Uncontrolled blood pressure rising in America: study


A recent study representative of the US population found that uncontrolled blood pressure rose by 10% in 2017–18, compared to several years earlier.

Researchers at the University of Alabama published their findings in the JAMA Network on Wednesday.

Hypertension, or hypertension, according to the Centers for Disease Control and Prevention (CDC), is a common, but dangerous condition. It increases the risk of heart disease and stroke, and the CDC states that people with hypertension “may be at an increased risk for severe disease from COVID-19”, although the study authors said it is uncertain .

The researchers used data from the US National Health and Nutrition Examination Survey to assess any change in blood pressure control in hypertensive American adults during 1999 to 2018.

A hypertensive condition was defined as systolic blood pressure (top number) exceeding 140 mm Hg and diastolic figure (lower number) as greater than 90 mm Hg. According to Healthline, systolic pressure “refers to the amount of pressure in your arteries during contraction of your heart muscle,” while diastolic pressure, the number below, refers to your blood pressure when your heart muscle beats between. it occurs.”

A recent study representative of the US population found that uncontrolled blood pressure rose by 10% in 2017–18, compared to several years earlier. (IStock)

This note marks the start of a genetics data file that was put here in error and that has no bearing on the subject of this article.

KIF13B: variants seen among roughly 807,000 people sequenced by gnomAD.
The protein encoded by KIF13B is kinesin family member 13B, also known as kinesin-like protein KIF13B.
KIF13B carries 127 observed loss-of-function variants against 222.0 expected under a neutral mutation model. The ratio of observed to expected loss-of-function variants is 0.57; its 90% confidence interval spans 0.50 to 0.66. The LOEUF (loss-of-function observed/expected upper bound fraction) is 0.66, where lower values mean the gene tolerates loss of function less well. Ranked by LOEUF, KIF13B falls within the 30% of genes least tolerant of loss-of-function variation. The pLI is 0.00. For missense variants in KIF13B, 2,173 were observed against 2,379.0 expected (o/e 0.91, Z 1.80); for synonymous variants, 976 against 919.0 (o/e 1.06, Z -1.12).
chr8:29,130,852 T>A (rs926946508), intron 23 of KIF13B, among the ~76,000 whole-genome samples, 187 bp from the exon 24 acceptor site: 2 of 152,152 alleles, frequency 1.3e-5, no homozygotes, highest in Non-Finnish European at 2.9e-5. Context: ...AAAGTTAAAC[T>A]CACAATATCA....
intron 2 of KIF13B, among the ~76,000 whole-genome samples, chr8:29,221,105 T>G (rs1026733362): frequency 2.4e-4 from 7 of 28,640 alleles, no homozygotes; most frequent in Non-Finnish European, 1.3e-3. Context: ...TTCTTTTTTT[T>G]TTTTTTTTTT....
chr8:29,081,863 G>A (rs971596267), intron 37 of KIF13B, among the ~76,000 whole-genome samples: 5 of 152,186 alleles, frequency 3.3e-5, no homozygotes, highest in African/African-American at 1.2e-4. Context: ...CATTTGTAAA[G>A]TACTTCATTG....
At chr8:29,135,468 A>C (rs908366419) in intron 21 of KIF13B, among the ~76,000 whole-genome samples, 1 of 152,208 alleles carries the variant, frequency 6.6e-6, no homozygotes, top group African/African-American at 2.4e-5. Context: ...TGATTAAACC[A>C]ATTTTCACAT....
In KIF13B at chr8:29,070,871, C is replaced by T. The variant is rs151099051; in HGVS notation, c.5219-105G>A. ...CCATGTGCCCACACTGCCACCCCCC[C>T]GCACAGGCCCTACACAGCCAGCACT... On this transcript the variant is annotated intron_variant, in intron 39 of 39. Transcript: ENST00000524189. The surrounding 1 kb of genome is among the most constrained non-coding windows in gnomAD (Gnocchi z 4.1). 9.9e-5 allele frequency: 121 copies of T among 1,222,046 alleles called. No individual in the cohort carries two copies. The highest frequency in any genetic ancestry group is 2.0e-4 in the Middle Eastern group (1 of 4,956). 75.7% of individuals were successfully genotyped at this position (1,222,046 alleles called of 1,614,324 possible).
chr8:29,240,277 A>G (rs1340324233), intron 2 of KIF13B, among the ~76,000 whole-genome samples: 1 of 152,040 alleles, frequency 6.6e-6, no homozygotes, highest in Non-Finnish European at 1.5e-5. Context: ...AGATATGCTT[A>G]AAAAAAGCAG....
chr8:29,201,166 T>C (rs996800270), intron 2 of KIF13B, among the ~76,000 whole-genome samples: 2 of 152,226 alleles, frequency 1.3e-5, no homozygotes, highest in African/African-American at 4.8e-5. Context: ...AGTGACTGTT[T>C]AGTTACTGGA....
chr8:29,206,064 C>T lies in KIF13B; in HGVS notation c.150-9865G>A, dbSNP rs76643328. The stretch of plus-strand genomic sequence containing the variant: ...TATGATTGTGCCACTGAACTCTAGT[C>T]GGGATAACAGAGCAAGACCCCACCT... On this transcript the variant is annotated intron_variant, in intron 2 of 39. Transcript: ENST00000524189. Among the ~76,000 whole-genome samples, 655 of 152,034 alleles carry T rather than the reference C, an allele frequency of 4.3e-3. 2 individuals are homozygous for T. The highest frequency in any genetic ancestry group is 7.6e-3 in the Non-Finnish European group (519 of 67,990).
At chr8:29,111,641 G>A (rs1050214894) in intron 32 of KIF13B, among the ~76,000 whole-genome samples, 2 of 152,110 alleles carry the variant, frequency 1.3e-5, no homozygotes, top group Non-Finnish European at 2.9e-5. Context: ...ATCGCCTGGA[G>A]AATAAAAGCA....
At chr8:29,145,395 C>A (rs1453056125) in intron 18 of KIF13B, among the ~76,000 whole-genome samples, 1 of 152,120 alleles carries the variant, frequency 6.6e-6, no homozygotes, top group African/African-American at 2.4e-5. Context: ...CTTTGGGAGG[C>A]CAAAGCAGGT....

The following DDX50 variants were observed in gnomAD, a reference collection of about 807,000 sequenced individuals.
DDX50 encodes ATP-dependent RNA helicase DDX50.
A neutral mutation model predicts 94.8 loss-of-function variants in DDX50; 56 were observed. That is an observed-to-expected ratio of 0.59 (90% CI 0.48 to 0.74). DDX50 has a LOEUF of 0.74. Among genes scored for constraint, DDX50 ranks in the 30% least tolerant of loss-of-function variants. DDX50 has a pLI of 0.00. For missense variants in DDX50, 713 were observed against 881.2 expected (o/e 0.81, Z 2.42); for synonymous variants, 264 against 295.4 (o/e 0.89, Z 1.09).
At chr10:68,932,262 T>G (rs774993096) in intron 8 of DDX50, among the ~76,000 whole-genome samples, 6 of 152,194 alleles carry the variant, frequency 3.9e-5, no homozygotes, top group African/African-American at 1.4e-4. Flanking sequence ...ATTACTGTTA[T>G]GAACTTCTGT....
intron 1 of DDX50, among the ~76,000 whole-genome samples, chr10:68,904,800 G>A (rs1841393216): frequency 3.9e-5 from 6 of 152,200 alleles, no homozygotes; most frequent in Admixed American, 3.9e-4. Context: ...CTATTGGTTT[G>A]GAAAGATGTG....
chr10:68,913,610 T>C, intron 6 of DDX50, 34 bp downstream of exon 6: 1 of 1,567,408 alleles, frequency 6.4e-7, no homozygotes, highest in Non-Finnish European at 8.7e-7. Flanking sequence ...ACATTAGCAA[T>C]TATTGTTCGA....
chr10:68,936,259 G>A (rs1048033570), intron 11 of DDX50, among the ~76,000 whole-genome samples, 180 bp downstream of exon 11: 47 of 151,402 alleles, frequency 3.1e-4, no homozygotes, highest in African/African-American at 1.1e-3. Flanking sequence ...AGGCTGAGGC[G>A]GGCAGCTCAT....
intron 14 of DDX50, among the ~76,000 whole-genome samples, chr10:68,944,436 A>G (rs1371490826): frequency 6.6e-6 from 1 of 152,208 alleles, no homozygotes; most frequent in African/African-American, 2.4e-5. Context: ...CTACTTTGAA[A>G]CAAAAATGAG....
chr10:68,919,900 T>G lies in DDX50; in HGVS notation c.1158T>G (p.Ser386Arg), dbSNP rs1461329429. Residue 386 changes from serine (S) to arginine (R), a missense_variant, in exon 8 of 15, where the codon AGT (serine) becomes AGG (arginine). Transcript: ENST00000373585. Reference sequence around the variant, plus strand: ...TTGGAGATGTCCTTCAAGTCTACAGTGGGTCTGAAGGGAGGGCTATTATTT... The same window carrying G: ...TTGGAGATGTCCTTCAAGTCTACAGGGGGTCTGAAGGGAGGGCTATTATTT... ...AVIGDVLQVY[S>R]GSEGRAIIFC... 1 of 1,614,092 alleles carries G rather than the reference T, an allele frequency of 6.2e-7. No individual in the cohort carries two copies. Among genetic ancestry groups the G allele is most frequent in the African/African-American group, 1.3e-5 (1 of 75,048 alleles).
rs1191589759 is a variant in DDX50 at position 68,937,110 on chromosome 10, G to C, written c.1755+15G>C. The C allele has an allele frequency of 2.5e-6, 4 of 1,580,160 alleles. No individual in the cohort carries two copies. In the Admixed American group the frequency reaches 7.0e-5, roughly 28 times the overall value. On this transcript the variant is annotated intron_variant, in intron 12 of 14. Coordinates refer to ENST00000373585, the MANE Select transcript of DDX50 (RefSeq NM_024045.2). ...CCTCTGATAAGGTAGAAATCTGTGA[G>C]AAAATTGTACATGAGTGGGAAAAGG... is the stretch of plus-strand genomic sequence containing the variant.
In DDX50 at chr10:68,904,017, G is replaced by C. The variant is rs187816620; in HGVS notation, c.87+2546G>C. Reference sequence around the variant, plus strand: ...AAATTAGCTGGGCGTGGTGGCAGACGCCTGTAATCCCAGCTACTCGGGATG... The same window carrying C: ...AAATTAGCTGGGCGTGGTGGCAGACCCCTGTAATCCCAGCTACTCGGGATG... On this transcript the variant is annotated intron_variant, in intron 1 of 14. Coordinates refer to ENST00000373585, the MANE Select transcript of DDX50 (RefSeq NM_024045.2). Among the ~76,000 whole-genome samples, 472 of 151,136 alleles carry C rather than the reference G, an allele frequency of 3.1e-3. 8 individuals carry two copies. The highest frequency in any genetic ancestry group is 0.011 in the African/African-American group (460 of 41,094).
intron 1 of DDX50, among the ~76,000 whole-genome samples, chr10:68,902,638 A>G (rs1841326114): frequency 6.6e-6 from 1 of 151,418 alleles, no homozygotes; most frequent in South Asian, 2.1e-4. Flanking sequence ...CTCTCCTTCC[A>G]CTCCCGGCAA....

Blood pressure meds may not increase, avoid risk

In over 18,000 adults with hypertension, the ratio with blood pressure control increased from about 32% in 1999–2000 to about 49% by 2007–08. The researchers said that blood pressure control then remained stable until 2013–14, about 54% before falling to 44% by 2017–18.

When researchers implemented more stringent blood pressure guidelines issued in 2017 from the American College of Cardiology and American Heart Association (a list of hypertension as a reading of 130/80 mmHg or higher), they found that only 19% of Americans They had control for adult blood pressure.

Federal recommendations suggest at-risk annual blood pressure screening for adults over 40 and for younger adults.

“In the current study, a substantial percentage of adults between the ages of 18 and 44 with hypertension were not aware that they have hypertension. Efforts are needed to ensure BP screening for younger adults,” the study authors wrote , Given that additional efforts need to be initiated. And maintain antihypertensive medication among young adults.

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